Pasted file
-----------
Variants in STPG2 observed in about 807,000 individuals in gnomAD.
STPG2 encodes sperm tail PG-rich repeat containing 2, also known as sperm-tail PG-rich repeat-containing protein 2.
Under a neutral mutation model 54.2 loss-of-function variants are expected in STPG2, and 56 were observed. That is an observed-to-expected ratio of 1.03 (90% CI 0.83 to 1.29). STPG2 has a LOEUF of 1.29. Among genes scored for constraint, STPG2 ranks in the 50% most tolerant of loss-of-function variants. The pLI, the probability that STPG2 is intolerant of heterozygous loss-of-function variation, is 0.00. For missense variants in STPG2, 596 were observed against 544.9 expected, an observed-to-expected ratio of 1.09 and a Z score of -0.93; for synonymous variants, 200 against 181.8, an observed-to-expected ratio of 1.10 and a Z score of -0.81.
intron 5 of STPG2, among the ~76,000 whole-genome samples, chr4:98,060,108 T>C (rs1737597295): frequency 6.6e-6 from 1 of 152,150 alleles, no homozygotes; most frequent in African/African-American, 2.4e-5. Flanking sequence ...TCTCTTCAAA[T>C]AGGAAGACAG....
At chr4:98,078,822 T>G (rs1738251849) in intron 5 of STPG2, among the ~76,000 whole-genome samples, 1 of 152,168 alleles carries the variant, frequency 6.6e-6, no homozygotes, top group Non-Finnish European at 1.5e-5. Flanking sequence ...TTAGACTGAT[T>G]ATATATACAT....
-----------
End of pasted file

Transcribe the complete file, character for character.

Variants in STPG2 observed in about 807,000 individuals in gnomAD.
STPG2 encodes sperm tail PG-rich repeat containing 2, also known as sperm-tail PG-rich repeat-containing protein 2.
Under a neutral mutation model 54.2 loss-of-function variants are expected in STPG2, and 56 were observed. That is an observed-to-expected ratio of 1.03 (90% CI 0.83 to 1.29). STPG2 has a LOEUF of 1.29. Among genes scored for constraint, STPG2 ranks in the 50% most tolerant of loss-of-function variants. The pLI, the probability that STPG2 is intolerant of heterozygous loss-of-function variation, is 0.00. For missense variants in STPG2, 596 were observed against 544.9 expected, an observed-to-expected ratio of 1.09 and a Z score of -0.93; for synonymous variants, 200 against 181.8, an observed-to-expected ratio of 1.10 and a Z score of -0.81.
intron 5 of STPG2, among the ~76,000 whole-genome samples, chr4:98,060,108 T>C (rs1737597295): frequency 6.6e-6 from 1 of 152,150 alleles, no homozygotes; most frequent in African/African-American, 2.4e-5. Flanking sequence ...TCTCTTCAAA[T>C]AGGAAGACAG....
At chr4:98,078,822 T>G (rs1738251849) in intron 5 of STPG2, among the ~76,000 whole-genome samples, 1 of 152,168 alleles carries the variant, frequency 6.6e-6, no homozygotes, top group Non-Finnish European at 1.5e-5. Flanking sequence ...TTAGACTGAT[T>G]ATATATACAT....